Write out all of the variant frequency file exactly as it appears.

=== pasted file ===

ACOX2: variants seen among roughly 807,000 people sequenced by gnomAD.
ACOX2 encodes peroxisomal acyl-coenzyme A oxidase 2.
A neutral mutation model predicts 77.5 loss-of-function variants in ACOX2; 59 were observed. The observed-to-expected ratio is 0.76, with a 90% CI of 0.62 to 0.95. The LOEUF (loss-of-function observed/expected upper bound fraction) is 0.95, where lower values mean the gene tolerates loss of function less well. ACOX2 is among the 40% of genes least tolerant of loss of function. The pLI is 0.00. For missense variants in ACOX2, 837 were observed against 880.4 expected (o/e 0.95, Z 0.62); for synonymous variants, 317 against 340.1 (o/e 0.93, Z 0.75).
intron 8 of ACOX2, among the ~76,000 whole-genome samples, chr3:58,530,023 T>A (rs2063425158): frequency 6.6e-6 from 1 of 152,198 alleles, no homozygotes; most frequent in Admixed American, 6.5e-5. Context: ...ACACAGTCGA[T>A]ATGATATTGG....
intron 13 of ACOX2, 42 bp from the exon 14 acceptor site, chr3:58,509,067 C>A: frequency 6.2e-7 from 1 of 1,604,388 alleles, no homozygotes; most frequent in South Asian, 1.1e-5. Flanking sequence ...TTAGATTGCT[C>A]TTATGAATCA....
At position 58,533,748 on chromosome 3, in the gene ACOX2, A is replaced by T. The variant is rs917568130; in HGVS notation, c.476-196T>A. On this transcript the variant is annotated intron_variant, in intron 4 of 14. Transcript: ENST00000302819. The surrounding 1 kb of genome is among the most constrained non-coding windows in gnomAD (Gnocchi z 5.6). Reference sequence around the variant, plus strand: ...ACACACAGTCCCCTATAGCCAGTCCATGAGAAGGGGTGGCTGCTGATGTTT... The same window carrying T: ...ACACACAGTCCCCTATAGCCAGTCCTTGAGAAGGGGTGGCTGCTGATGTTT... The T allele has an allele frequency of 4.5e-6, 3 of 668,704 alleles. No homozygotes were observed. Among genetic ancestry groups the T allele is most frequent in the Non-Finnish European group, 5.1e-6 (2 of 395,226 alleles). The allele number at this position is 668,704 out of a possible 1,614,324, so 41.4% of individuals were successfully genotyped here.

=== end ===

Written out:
ACOX2: variants seen among roughly 807,000 people sequenced by gnomAD.
ACOX2 encodes peroxisomal acyl-coenzyme A oxidase 2.
A neutral mutation model predicts 77.5 loss-of-function variants in ACOX2; 59 were observed. The observed-to-expected ratio is 0.76, with a 90% CI of 0.62 to 0.95. The LOEUF (loss-of-function observed/expected upper bound fraction) is 0.95, where lower values mean the gene tolerates loss of function less well. ACOX2 is among the 40% of genes least tolerant of loss of function. The pLI is 0.00. For missense variants in ACOX2, 837 were observed against 880.4 expected (o/e 0.95, Z 0.62); for synonymous variants, 317 against 340.1 (o/e 0.93, Z 0.75).
intron 8 of ACOX2, among the ~76,000 whole-genome samples, chr3:58,530,023 T>A (rs2063425158): frequency 6.6e-6 from 1 of 152,198 alleles, no homozygotes; most frequent in Admixed American, 6.5e-5. Context: ...ACACAGTCGA[T>A]ATGATATTGG....
intron 13 of ACOX2, 42 bp from the exon 14 acceptor site, chr3:58,509,067 C>A: frequency 6.2e-7 from 1 of 1,604,388 alleles, no homozygotes; most frequent in South Asian, 1.1e-5. Flanking sequence ...TTAGATTGCT[C>A]TTATGAATCA....
At position 58,533,748 on chromosome 3, in the gene ACOX2, A is replaced by T. The variant is rs917568130; in HGVS notation, c.476-196T>A. On this transcript the variant is annotated intron_variant, in intron 4 of 14. Transcript: ENST00000302819. The surrounding 1 kb of genome is among the most constrained non-coding windows in gnomAD (Gnocchi z 5.6). Reference sequence around the variant, plus strand: ...ACACACAGTCCCCTATAGCCAGTCCATGAGAAGGGGTGGCTGCTGATGTTT... The same window carrying T: ...ACACACAGTCCCCTATAGCCAGTCCTTGAGAAGGGGTGGCTGCTGATGTTT... The T allele has an allele frequency of 4.5e-6, 3 of 668,704 alleles. No homozygotes were observed. Among genetic ancestry groups the T allele is most frequent in the Non-Finnish European group, 5.1e-6 (2 of 395,226 alleles). The allele number at this position is 668,704 out of a possible 1,614,324, so 41.4% of individuals were successfully genotyped here.